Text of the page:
DeceitWashington state is suing Comcast for more than $100 million, its attorney general’s office announced Monday. The lawsuit alleges the cable giant deceived subscribers by offering a “near-worthless” service protection plan, charging improper service fees and conducting improper credit screening.

The state is seeking refunds for more than 400,000 residents.

The lawsuit primarily takes issue with Comcast’s Service Protection Plan, a nationwide program that claims subscribers can avoid being charged for certain technician visits to their home in exchange for a $4.99 monthly fee.

According to a press release issued by Attorney General Bob Ferguson’s office, Comcast customer service routinely misrepresented limitations that applied to the plan’s coverage for Washington residents, failing to properly disclose that customers would be charged for service calls related to consumer-owned equipment and the repair of cable jumpers, connectors and splitters.

Moreover, the lawsuit alleges customer service scripts directed Comcast employees to state that the plan covers service calls “related to inside wiring” or “wiring inside your home” when, in fact, it doesn’t cover most inside wiring.

Comcast said in an email that its Service Protection Plan covered more than 99% of enrolled Washington customers’ repair calls.

“We worked with the Attorney General’s office to address every issue they raised, and we made several improvements based on their input,” the company said. “Given that we were committed to continue working collaboratively with the Attorney General’s office, we’re surprised and disappointed that they have instead chosen litigation. We stand behind our products and services, and will vigorously defend ourselves.”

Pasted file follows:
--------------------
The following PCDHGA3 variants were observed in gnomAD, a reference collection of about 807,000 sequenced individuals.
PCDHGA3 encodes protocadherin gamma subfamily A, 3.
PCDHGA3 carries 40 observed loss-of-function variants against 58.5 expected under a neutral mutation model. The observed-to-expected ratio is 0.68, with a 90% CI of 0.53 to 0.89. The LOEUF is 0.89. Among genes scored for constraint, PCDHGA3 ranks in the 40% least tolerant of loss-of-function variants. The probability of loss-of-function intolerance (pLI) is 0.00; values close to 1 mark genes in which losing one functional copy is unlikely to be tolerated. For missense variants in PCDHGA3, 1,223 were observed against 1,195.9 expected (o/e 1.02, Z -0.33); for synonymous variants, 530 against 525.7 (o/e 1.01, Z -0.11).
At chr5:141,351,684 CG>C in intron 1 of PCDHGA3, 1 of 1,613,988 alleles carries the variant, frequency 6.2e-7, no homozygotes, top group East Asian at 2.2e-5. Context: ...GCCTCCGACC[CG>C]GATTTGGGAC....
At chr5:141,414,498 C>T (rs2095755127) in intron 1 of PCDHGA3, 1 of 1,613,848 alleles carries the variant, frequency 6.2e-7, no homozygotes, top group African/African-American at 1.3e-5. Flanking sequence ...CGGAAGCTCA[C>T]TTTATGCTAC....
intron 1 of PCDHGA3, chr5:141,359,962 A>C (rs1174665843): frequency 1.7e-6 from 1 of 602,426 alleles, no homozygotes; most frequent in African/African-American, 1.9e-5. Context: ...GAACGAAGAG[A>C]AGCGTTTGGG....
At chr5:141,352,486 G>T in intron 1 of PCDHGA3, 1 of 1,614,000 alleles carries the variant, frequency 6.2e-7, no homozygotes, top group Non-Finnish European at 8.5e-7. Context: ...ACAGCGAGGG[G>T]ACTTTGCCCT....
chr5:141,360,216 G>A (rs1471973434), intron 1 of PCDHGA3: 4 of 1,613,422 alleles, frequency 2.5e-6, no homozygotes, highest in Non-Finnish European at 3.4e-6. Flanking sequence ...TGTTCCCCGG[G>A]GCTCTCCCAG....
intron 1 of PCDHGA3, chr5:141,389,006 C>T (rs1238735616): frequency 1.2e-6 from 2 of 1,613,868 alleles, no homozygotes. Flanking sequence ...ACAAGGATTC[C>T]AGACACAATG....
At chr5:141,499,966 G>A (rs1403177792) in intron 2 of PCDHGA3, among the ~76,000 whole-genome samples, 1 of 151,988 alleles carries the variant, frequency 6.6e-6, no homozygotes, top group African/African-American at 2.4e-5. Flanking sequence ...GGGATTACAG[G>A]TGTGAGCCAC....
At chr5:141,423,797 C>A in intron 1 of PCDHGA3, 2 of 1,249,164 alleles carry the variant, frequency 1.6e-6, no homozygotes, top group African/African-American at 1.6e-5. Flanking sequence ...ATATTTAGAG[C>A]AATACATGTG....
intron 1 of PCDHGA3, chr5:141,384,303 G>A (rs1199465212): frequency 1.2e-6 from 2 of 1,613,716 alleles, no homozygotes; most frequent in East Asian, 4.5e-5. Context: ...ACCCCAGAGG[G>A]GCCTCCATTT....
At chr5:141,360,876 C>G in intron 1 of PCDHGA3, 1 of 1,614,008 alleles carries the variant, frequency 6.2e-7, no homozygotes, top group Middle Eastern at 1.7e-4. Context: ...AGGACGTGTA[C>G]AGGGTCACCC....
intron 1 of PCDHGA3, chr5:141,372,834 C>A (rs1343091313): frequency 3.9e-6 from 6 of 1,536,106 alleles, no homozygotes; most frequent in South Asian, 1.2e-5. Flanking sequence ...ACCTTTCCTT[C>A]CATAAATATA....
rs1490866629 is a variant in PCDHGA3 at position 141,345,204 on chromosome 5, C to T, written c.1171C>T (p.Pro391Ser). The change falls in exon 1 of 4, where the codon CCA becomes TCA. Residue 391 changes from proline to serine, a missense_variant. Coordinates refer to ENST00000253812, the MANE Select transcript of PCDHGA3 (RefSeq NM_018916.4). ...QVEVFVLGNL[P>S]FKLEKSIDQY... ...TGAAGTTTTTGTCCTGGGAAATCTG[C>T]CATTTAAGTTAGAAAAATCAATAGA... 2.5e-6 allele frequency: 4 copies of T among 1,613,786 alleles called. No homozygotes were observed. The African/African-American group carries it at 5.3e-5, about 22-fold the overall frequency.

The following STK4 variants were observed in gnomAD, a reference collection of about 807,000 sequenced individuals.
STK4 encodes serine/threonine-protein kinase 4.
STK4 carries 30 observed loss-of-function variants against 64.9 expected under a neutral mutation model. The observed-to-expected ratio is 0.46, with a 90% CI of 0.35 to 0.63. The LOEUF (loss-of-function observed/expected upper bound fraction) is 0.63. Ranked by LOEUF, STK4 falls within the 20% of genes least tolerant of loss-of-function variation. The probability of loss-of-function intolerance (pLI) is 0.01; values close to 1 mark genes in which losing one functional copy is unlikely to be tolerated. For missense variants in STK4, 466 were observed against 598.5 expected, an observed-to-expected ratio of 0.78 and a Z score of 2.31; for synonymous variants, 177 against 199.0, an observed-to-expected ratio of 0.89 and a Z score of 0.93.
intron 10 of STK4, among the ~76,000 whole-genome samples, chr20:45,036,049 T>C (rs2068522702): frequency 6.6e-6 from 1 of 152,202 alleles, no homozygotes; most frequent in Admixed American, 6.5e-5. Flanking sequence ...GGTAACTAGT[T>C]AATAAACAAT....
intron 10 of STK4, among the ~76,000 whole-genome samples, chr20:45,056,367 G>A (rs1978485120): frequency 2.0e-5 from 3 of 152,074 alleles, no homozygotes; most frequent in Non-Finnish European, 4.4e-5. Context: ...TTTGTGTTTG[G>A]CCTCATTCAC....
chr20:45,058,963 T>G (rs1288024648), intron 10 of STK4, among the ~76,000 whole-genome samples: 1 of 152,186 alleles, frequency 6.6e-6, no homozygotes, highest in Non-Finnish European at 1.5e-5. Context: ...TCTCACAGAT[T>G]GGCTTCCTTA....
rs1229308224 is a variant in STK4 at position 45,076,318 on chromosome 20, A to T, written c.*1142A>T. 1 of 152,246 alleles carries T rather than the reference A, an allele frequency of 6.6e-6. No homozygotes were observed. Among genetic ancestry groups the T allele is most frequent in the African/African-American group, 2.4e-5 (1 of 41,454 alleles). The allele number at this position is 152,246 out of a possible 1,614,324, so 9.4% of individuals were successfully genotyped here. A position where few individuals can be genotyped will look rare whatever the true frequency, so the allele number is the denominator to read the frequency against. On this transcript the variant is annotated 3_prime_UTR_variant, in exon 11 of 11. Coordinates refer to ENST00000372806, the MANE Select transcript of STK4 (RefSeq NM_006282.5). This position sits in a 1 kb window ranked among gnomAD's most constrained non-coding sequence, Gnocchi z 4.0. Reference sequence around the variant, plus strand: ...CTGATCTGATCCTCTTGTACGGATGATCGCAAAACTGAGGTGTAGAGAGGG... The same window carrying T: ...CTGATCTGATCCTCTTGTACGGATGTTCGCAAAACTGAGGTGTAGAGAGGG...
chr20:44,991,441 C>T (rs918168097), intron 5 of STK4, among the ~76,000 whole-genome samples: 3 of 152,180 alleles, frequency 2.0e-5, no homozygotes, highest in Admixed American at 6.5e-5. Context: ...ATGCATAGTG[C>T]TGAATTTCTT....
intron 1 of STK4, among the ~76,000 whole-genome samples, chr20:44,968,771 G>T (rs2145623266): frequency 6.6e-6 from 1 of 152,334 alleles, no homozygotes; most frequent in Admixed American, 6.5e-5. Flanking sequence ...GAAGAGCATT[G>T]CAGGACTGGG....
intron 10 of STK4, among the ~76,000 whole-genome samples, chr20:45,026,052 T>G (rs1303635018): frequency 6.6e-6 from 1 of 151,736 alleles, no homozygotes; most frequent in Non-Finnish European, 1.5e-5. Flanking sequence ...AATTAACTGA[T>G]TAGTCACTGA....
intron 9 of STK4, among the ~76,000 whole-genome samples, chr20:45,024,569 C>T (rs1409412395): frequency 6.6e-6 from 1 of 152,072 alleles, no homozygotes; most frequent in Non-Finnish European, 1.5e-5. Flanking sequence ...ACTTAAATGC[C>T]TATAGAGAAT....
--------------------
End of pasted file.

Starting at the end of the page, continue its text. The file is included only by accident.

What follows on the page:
A Word on Fees & Credit Checks

The lawsuit takes similar issues with the “Customer Guarantee” Comcast makes to Washington subscribers. Per the press release, Comcast charged thousands of subscribers for service calls regarding Comcast HDMI and component cables, Comcast cable cards and the installation of drop amplifiers, which fix Comcast signal problems, despite the fact that its guarantee expressly promises not to charge for service visits resulting from a Comcast equipment or network problem.

The attorney general’s office also alleges that Washington state consumers paid a deposit to Comcast, despite credit checks performed by the company showing they had high credit scores.

“This indicates that either: (a) customers paid the deposit to avoid a credit check appearing on their credit report, only to have Comcast run one anyway; or (b) customers were forced to pay the deposit despite their high credit score, contrary to Comcast’s policy,” the press release said.

Signing Up for Cable

Remember, it’s a good idea to read the terms and conditions carefully for any cable plan — or additional service package — you are considering before signing up. That way you’ll know exactly what you’re supposed to pay. (Case in point, while Comcast is accused of misrepresenting its Service Plan Protection coverage over the phone and not making information readily available to cardholders, restrictions are listed in the plan’s terms and conditions on its website.)

It’s also smart to regularly review your monthly bills for unfamiliar fees and charges.

Cable companies are in the habit of checking credit whenever you sign up for a plan — and good credit scores can help you avoid certain fees or qualify for better rates. It’s important to check your credit before you apply for any new contracts. It’s also important to monitor it for any inquiries, since they could impact your score. (You can view your free credit report summary, updated each month, on And, should a hard inquiry appear when it shouldn’t — say, when you didn’t authorize a credit pull — you can dispute it with the credit bureau in question.

This article originally appeared on and was written by Jeanine Skowronski.